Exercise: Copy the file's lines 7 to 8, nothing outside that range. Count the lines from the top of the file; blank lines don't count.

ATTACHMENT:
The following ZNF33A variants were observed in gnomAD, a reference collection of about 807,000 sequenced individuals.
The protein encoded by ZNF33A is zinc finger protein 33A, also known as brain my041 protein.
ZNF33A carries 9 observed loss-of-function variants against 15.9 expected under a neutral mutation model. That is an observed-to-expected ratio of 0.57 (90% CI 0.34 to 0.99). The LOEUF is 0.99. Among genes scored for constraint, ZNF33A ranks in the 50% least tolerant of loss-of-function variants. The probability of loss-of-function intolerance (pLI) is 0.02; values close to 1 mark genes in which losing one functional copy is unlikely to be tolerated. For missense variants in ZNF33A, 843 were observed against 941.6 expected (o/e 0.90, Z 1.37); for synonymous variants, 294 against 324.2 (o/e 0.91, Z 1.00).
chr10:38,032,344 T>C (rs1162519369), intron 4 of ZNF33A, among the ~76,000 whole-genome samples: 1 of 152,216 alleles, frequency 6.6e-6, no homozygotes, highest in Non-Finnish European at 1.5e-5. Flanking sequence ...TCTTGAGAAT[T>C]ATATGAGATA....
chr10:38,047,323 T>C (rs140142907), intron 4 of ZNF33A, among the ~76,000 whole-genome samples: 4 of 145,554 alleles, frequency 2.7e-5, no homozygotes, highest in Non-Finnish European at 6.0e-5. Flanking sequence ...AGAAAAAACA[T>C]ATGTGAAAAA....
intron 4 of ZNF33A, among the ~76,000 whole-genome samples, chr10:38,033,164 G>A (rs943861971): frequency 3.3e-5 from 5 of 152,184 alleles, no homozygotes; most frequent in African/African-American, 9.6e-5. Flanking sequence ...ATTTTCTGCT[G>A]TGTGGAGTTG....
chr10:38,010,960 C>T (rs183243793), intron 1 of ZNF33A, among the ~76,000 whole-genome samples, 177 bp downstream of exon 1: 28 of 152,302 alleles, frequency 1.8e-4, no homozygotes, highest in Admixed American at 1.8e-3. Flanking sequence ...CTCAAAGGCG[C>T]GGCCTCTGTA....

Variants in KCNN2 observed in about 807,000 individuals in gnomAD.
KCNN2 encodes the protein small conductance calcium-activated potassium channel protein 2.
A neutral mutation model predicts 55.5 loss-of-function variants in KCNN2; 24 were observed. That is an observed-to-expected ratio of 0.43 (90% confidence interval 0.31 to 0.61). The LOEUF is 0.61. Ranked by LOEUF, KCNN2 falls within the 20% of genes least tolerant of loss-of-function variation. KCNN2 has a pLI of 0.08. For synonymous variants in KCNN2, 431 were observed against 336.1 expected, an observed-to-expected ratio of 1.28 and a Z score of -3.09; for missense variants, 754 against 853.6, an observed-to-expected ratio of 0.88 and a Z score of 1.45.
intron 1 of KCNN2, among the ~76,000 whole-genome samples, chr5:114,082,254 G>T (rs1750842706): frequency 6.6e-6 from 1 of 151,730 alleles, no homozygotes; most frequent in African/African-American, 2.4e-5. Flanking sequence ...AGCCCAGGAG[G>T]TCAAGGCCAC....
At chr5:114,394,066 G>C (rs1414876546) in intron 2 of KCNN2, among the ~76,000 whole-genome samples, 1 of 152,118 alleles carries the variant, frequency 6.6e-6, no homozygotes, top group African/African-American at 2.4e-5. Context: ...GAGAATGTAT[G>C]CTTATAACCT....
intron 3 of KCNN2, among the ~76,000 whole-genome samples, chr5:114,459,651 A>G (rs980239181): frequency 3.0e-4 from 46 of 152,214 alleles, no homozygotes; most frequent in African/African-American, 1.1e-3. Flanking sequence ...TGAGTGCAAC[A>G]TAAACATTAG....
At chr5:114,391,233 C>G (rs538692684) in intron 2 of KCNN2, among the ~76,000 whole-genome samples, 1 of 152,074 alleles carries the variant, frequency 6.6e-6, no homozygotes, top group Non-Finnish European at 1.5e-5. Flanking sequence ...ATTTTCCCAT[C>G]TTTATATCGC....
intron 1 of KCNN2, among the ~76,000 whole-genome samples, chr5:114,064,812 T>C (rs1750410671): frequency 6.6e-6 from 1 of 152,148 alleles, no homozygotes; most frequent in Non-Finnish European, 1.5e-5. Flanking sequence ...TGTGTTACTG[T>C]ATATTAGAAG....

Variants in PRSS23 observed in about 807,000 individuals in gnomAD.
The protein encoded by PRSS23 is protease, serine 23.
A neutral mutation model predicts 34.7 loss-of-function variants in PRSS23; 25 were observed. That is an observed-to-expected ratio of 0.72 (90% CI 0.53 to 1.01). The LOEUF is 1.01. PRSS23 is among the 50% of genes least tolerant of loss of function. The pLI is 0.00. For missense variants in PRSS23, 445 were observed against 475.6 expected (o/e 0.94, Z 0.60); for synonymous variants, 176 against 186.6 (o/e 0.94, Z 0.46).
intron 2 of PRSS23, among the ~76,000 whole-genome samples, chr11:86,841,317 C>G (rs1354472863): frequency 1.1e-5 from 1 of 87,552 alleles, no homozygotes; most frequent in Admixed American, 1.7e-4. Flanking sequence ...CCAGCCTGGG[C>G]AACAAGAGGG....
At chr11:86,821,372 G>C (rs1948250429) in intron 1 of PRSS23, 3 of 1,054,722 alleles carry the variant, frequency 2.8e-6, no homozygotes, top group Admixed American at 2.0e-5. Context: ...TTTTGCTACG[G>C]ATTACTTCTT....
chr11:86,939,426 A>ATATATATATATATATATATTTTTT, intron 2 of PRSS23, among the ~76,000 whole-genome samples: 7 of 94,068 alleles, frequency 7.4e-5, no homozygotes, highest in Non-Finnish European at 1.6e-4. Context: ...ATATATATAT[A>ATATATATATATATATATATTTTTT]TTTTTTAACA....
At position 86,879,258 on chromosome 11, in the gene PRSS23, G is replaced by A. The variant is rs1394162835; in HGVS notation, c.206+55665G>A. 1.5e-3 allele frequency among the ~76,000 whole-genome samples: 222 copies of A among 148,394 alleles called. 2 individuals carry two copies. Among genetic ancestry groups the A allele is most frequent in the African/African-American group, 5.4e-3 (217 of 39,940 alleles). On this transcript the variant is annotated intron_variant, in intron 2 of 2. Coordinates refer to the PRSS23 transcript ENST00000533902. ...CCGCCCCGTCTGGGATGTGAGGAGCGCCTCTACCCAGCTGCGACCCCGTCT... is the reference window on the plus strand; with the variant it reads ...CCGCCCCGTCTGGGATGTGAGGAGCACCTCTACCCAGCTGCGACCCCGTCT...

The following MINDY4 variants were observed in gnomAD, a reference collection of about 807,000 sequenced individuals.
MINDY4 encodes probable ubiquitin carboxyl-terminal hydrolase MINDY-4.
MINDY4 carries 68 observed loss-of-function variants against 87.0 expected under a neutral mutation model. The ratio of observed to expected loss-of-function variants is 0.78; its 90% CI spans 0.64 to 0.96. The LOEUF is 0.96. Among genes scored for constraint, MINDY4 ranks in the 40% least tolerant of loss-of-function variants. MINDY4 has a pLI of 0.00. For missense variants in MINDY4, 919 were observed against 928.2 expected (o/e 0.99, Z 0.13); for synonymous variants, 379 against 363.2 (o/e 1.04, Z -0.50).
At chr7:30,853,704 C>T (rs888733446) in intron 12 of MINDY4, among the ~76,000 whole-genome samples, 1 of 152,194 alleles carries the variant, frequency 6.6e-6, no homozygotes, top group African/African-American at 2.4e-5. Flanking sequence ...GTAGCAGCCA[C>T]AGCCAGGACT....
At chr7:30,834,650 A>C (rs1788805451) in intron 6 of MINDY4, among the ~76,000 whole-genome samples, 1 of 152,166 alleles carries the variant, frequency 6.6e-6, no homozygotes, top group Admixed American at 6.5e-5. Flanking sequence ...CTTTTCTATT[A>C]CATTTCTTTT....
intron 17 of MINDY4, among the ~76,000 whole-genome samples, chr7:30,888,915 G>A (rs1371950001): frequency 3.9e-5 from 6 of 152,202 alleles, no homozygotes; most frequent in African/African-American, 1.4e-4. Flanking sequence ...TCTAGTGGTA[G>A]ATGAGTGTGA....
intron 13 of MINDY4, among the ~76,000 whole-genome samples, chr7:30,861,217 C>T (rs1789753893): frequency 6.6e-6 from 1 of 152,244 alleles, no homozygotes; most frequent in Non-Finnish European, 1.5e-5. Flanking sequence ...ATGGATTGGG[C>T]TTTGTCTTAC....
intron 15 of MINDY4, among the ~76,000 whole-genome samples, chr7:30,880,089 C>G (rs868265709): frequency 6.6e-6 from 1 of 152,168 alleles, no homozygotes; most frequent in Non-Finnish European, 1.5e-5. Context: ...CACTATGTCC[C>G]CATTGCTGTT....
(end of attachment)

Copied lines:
chr10:38,010,960 C>T (rs183243793), intron 1 of ZNF33A, among the ~76,000 whole-genome samples, 177 bp downstream of exon 1: 28 of 152,302 alleles, frequency 1.8e-4, no homozygotes, highest in Admixed American at 1.8e-3. Flanking sequence ...CTCAAAGGCG[C>T]GGCCTCTGTA....

Variants in KCNN2 observed in about 807,000 individuals in gnomAD.